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OFFICERS OF THE ASSOCIATION 1976 President ............ ........... ... .... . ...... ....... ... MS. CLEOPATRA FERGUSON First Vice President. . . . . . . . . . . . . . . . . . . . . . . . ..... MS. HAZEL COLEBY Second Vice President. ............................................ MS. MAJOR Secretary. . . . . . . . . . . . . . . . . . . . . . . . . . MS. MARILYN BETIIEL Treasurer . . . . . . . . . . . . . . . . . . . . . . . . ... . MS. MAVIS ROLLE Asst. Tre a surer . . . . . . . . . . . . . . . . . . . . MS. GENEVA THORNTON CHAIRPERSONS Education & Research . . . . . . . . . . . . . . . . . . . . . . . . MS. MARY THOMPSON Membership & Publicity ........................................... . MS. SUSAN ROBERTS Socio Economic & Welfare ...................... ...... ............... MS. SHARON BROWN REVIEW Chairperson . . . . . . . . . . . . . . . ........................... MS. SUSAN ROBERTS MS. JACQUELINE THOMPSON .. ... ....... ...................... : : ... MS. OPHELIA MUNNINGS MS. MAVIS ROLLE . . . . . . . . . . . . . . . . . . . . . . . . . . MS. MONICA DAVIS MS. ANGELA CARROLL . . . . . . . . . . . . . . ...... . ........ MS. ANDREA ADDERLEY ......... ...... ................... MS. ORVILLE GIBSON ................... . ............. 1977 President . . . . . . . . . . . . . . . . . . . .. . . ....... ..... . MS. MARY THOMPSON First Vice President ....... ....................... ...... . . MS. ESMERALDA RUTHERFORD Second Vice President . . . . . . . . . . . . . . . . . . . . . . MS. MARILYN BETHEL Secretary. . . . . :. . . . . . ...... ........ . . . ... MS. FREDERICKA BLAKELY Asst. Secretary .. ............................................ MS. LARRIE WILLIAMS Treasurer ........ .... ............ ........................ MS. ORVILLE GIBSON Ass t. Treasurer ..... ................ ... . . . ....... MS. MARGARET BOSTWICK CHAIRPERSONS Education & Research . . . . . . . . . . . . . . . . . . . . . . . MS. CASTELLA BOWLEG Membership & Publicity. . . . . . . . . . . . . . . . . . . . . .... MS. SUSAN ROBERTS Socio-Econi>rnic & Welfare . . . . . . . . . . . . . . . . ....... MS. HANNAH RAHMING PUBLICITY COMMITTEE Chairpmon. . . . . . . . . . . . . . . . . . . . . . . . . . . ... MS. SUSAN ROBERTS MS. MONICA DAVIS . . . . . . . . . ..................... ....... ... MS. ANGELA CARROLL MS. GENEVA THOMPSON MS. MAVIS ROLLE MS. PEARL RAHMING. . . . . . . . . . . . . . . . . . . . . . MS. MARGARET BOSTWICK . . . . . . . . . . .......... MS. JACQUELINE TIIOMPSON .................. ........... .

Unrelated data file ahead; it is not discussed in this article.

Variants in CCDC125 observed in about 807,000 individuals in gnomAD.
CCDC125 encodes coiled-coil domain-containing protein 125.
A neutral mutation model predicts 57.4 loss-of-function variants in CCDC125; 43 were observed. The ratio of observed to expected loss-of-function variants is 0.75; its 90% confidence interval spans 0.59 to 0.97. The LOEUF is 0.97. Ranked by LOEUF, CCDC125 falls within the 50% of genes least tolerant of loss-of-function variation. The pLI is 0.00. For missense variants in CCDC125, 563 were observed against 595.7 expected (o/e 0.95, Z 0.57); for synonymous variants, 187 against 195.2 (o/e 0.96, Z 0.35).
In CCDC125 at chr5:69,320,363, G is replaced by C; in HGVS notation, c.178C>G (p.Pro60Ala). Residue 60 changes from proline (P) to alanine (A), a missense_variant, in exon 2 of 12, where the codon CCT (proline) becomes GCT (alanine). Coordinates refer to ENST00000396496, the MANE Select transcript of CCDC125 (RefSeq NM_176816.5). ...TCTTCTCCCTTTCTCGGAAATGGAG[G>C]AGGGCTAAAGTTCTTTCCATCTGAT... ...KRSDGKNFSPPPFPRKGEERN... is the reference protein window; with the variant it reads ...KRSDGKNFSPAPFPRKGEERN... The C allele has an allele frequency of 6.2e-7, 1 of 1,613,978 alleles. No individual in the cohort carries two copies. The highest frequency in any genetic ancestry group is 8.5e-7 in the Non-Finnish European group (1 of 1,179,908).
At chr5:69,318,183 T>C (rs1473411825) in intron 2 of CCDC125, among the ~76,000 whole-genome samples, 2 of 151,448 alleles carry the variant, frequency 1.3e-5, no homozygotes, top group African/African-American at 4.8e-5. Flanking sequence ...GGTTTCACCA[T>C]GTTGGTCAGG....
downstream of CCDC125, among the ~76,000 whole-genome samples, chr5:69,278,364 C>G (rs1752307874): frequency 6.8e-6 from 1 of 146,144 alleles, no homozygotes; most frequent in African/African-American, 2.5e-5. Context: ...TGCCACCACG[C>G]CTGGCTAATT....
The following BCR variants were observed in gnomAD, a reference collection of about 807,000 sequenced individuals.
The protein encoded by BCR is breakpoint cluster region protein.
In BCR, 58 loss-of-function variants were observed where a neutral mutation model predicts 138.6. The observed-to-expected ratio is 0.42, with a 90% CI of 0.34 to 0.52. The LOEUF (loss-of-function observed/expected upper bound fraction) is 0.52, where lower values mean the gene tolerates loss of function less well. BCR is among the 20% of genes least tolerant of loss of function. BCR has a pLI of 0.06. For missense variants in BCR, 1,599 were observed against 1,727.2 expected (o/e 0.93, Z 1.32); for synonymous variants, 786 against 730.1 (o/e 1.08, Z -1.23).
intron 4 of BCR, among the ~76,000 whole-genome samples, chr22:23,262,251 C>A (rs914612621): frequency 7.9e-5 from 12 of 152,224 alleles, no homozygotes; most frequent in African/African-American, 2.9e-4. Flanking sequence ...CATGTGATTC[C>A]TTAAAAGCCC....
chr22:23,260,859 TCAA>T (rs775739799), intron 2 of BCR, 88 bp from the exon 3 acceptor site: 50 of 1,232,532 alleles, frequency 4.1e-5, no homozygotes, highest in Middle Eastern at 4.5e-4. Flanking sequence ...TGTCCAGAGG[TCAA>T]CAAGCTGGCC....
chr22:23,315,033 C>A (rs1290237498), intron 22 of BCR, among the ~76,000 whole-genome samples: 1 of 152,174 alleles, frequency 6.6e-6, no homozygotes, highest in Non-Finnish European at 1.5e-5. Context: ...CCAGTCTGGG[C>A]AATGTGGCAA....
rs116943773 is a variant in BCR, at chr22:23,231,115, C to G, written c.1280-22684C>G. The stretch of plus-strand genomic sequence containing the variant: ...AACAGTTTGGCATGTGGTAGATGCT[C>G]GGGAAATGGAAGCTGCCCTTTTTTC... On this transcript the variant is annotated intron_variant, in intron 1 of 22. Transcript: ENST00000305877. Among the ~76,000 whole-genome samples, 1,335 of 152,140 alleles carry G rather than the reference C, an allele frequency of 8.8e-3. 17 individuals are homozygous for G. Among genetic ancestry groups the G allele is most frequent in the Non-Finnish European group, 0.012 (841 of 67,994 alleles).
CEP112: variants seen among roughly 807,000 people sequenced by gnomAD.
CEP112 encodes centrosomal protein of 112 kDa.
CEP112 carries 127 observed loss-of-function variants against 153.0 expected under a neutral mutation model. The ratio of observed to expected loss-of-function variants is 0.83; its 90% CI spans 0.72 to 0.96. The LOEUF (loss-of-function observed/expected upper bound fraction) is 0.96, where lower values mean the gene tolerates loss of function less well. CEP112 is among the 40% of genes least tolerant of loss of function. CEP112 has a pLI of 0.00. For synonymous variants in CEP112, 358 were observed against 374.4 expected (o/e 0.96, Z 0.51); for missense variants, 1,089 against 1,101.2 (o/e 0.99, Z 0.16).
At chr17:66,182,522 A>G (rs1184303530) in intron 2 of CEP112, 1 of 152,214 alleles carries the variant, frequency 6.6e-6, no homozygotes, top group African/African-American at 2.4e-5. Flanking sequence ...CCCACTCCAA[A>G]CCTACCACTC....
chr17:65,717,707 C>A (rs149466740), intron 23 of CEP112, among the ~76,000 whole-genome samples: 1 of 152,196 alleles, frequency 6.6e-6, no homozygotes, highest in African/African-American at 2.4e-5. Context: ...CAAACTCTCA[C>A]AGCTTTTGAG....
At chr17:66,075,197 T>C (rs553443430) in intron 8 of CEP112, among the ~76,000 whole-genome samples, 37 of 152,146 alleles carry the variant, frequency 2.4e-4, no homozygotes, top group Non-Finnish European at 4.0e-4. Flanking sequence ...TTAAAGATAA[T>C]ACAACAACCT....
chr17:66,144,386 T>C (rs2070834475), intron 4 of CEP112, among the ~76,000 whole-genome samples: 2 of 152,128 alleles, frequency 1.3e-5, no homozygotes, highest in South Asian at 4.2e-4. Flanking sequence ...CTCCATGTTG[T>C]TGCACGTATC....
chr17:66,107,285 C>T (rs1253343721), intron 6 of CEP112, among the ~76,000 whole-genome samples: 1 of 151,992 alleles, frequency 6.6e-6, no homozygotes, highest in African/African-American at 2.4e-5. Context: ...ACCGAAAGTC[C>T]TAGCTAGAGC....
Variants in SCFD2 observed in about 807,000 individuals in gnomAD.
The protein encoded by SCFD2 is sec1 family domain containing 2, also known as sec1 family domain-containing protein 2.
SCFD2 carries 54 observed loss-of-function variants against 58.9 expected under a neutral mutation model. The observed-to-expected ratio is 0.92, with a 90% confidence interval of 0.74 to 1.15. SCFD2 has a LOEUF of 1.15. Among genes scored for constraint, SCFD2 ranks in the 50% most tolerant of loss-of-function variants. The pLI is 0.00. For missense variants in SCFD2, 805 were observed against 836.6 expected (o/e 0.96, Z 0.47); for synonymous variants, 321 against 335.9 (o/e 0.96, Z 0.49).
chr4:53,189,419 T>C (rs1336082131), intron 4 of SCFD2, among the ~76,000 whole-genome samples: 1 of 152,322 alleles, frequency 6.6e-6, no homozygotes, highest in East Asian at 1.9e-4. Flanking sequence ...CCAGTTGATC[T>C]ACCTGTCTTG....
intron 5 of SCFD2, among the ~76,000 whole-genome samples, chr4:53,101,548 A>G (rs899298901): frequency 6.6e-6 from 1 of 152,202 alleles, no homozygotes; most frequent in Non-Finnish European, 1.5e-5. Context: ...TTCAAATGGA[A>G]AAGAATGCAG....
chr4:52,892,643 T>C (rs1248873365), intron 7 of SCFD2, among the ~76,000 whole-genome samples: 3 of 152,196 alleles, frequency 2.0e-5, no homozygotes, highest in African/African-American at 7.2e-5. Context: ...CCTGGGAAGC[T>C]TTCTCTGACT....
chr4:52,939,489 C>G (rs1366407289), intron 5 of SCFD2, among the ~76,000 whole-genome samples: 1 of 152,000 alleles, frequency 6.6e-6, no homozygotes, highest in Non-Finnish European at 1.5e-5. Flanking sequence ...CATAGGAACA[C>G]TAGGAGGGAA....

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INDEX Page Editorial . . . . . . . . . . . . . . . . . . . . . . . . . . . . . . . . . 1 Know Your Nurses . . . . . . . . . . . . . . . . . . . . . . . . . ......... 2 Nursing, A Commitment to the Ministry of Healing ............................ ... ...... 3 lOth Biennial Conference of The Caribbean Nurses Organization . . . . . . ..... 4, 5, 37 Introducing The Car ibbean Nurses Organization . . . . . . . . . . . . . . . . . 6 UWI Advanced Nursing Unit marks I Oth Anniversary ............... .......... ........ . 7 Introducing The I.C N ................................................. .......... 8 Qualified Nursing Resolution ......... .... .... . .... . . .............. ......... I 0 TCN adopts Definition of "Nurse" .. ... .......... ....................... .......... I 0 LC.N Congress . . . . . . . . . . . . . . . . . . . . ..... .... I 1 Nutritional Problems in Children .............. ....... . . .... . .......... 12.13 Phenylketonuria or P K.U .. ...... .... . ...... . ......... ...... . . . . . . . . 14 Nursing in the Ch ristian Era . . . . . . . . . . . . . . . . . . . . 15 Abilities Unlin1ited . . . . . . . . . . . . . . . . . ................ ....... J 6,17 Care of the Hospitalized Dent a l Patient . . . . . . . ...... ....... ....... . ...... I 8 The Clini cal Nurses in The Bal1amas ....................................... ......... 19 Caring : A Psy c hiatric Nursing Perspective ......... .......... . .... ... ............. 2 0,21 Love and Compassion . . . . . . . . . . . . . . . . . . . . . . . . . . 22 Patience . . . . . . . . . . . . . . . . . . .............. ... .. .. ........ 22 Regional Nursing Body .................. ................... ........... ..... 2 4,25 Commonwealth Nurses Federation ....... ..................... .......... ....... 26 Education Committee . . . . . . . . . . . . . . . . . . ....... ......... ... 26 Graduation I 9 7 6 ... ................... ......... ........ ...................... 28 Some Thoughts on the Midwife's Changing Role ............. . ... ................ ... 29 Hypertension Project ...................... . ......... ... ... .... ... ... ......... 30 Socio -Econo mi c Committee . . . . . . . . . . . . . . . . . . . . . . . . . 30 Chiristianity Professionalism and Womanhood . . . . . . . . . . . . . .... . . .... 31 What prompts me to pray . . . . . .................................... .... 3 I Bus h Medicine . ....... .............. ............. ................. ........ 32 Inte rnational Nursing Revi e w ............. ...... ...... ... ....... ................. 32 Patients ca n help themselves ......................... ....... ..... ........... . 34 New Extension of Princess Marg a r e t Hospital. . . . . . . . . . . . . . . . . . . . . 35 Anecd o tes ..................... ............... ........................... 36 News ....... ............................ ..... ..... ......... .............. 36 Meetings . . . . . . . ....... ....................... .......... 36 Price: $2.00